"So soon as he certainly has followers, he does not compare himself with his followers, towards whom he might appear as a master; he compares himself more and more with his Master, towards whom he appears only as a servant." That quote is about Francis of Assisi written by G.K. Chesterton.
As a leader, it's easy to start to derive your identity from what your team does or does not accomplish.
And if your team does a great job on a consistent basis, becoming arrogant is certainly a potential pitfall.
I get to lead some amazing people at my local church. People who volunteer their time and skill to help our local church make a difference in our local community and our world.
Staying humble when you work with amazing people can be hard (at least for me). Sometimes I get a bit arrogant. Sometimes I make the mistake of false humility, where I become too self deprecating.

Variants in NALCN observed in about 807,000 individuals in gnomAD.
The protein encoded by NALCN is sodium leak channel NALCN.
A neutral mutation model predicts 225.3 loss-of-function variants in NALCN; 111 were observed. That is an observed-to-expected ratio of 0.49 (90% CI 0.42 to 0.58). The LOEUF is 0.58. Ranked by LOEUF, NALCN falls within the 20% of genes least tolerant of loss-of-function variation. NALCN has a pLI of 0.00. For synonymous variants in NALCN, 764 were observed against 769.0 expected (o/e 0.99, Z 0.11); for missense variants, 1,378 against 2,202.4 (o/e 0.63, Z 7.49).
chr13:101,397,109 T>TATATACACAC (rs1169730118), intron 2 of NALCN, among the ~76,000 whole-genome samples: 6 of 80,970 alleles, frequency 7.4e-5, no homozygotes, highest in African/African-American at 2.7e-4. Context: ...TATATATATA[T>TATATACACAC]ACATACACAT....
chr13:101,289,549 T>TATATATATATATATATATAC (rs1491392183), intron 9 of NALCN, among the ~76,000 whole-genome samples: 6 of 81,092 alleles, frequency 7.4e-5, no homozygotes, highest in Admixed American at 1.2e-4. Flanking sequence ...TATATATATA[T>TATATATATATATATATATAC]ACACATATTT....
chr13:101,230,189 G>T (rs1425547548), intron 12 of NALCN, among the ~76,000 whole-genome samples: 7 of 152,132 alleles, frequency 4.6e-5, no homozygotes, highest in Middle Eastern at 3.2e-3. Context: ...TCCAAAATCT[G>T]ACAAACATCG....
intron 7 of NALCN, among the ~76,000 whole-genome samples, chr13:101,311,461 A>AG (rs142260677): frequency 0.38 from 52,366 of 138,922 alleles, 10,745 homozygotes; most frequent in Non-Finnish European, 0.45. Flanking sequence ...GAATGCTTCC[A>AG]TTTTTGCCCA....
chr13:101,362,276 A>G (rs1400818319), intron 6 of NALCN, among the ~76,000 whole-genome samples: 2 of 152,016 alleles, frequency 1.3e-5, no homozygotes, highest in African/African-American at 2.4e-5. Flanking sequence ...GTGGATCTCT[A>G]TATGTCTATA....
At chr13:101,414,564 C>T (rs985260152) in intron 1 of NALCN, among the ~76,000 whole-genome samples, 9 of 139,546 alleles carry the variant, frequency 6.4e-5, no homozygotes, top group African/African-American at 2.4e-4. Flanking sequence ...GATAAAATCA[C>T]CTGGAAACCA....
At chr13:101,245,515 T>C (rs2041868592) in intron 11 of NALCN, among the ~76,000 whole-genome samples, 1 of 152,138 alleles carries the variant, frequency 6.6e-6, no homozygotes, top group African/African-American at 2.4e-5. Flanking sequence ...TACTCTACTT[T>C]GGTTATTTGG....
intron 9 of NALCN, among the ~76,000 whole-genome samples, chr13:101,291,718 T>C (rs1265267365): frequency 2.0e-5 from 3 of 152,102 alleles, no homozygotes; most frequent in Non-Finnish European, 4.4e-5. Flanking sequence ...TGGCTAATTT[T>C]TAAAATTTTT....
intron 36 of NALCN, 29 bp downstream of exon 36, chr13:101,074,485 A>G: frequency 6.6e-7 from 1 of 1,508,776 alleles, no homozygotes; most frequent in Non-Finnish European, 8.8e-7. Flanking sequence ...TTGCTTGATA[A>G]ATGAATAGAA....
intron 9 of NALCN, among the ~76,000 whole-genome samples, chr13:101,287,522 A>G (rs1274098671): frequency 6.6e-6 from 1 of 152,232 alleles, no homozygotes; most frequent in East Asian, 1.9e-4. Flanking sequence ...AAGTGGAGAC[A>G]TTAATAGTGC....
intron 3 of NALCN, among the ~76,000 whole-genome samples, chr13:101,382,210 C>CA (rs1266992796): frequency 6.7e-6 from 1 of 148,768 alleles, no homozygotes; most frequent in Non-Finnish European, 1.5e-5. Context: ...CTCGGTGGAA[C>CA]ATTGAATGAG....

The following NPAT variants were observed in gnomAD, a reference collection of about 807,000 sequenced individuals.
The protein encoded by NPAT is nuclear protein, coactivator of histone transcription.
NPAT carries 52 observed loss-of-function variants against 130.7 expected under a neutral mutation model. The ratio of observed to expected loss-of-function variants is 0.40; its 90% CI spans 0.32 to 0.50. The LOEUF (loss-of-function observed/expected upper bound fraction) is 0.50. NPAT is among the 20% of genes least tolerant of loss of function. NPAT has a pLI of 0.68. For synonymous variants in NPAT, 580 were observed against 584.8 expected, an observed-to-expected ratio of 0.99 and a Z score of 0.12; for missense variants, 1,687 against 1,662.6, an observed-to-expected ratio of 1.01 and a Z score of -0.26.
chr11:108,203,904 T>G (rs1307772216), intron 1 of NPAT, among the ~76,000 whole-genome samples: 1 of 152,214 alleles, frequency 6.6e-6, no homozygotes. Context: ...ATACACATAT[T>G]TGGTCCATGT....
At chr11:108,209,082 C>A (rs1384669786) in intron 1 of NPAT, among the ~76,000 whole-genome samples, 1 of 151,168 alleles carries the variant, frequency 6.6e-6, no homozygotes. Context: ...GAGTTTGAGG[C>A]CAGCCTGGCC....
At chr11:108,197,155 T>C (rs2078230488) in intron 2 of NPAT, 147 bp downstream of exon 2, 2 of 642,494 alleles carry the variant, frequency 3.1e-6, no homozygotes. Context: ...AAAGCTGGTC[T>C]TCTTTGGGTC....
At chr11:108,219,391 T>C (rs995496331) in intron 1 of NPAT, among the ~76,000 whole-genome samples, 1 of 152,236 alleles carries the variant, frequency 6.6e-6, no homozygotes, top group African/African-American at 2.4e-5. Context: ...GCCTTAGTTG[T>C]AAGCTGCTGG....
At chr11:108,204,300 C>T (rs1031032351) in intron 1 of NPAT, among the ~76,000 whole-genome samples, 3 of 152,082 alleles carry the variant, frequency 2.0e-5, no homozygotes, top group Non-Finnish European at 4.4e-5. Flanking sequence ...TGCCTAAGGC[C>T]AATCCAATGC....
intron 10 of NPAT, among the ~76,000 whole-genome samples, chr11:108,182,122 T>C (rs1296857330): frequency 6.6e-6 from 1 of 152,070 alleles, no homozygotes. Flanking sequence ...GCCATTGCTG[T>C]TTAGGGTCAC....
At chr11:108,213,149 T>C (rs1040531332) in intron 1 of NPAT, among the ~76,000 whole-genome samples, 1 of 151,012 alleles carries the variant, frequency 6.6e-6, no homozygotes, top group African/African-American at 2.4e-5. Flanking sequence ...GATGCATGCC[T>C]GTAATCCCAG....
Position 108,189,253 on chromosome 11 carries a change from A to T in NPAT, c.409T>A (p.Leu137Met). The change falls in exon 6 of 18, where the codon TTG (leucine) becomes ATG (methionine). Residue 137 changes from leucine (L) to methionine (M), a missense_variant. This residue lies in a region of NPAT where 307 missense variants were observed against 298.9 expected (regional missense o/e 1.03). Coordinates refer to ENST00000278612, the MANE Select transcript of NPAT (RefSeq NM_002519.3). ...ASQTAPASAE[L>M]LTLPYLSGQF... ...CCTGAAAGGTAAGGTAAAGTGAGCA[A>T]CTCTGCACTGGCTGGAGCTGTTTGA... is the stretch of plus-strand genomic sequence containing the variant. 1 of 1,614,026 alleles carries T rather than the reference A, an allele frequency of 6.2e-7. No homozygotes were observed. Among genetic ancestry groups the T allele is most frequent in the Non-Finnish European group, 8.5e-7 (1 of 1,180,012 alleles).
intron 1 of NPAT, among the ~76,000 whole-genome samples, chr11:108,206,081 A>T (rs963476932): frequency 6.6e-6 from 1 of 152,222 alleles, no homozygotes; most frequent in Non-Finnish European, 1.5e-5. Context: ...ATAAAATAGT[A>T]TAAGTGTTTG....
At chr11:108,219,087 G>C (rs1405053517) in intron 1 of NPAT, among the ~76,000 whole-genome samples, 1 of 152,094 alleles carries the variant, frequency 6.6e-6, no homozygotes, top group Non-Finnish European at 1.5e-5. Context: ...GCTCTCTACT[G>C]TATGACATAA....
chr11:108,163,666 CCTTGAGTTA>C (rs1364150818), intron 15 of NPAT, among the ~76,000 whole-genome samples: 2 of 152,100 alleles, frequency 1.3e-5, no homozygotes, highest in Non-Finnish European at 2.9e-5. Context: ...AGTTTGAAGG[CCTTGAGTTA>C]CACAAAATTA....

Staying emotionally healthy and having a healthy self image is tough.
I love how Francis addressed this. The more other people wanted to follow him, the more he wanted to follow Jesus. If things were going great, it would be easy to pass that praise on to the Master he so closely followed.
If things were going rough, he has a mentor he can turn to rather than bearing the brunt all on his own.
His perspective and self worth would always be rooted to relationship that would not shift. Assisi would not be 'promoted' above Jesus at any point. Jesus would never fire him.
That's the solid ground on which to build our identity, not the shifting grounds of performance or results.
In order to have the best performance and results, one must have confidence. Jesus can give us that security and confidence.
Francis need not worry whether his followers abandon him, whether for valid reasons or not, because it would not change his identity as a follower himself.
To me, this is a brilliant perspective and one that every leaders - especially church leader - should keep in mind.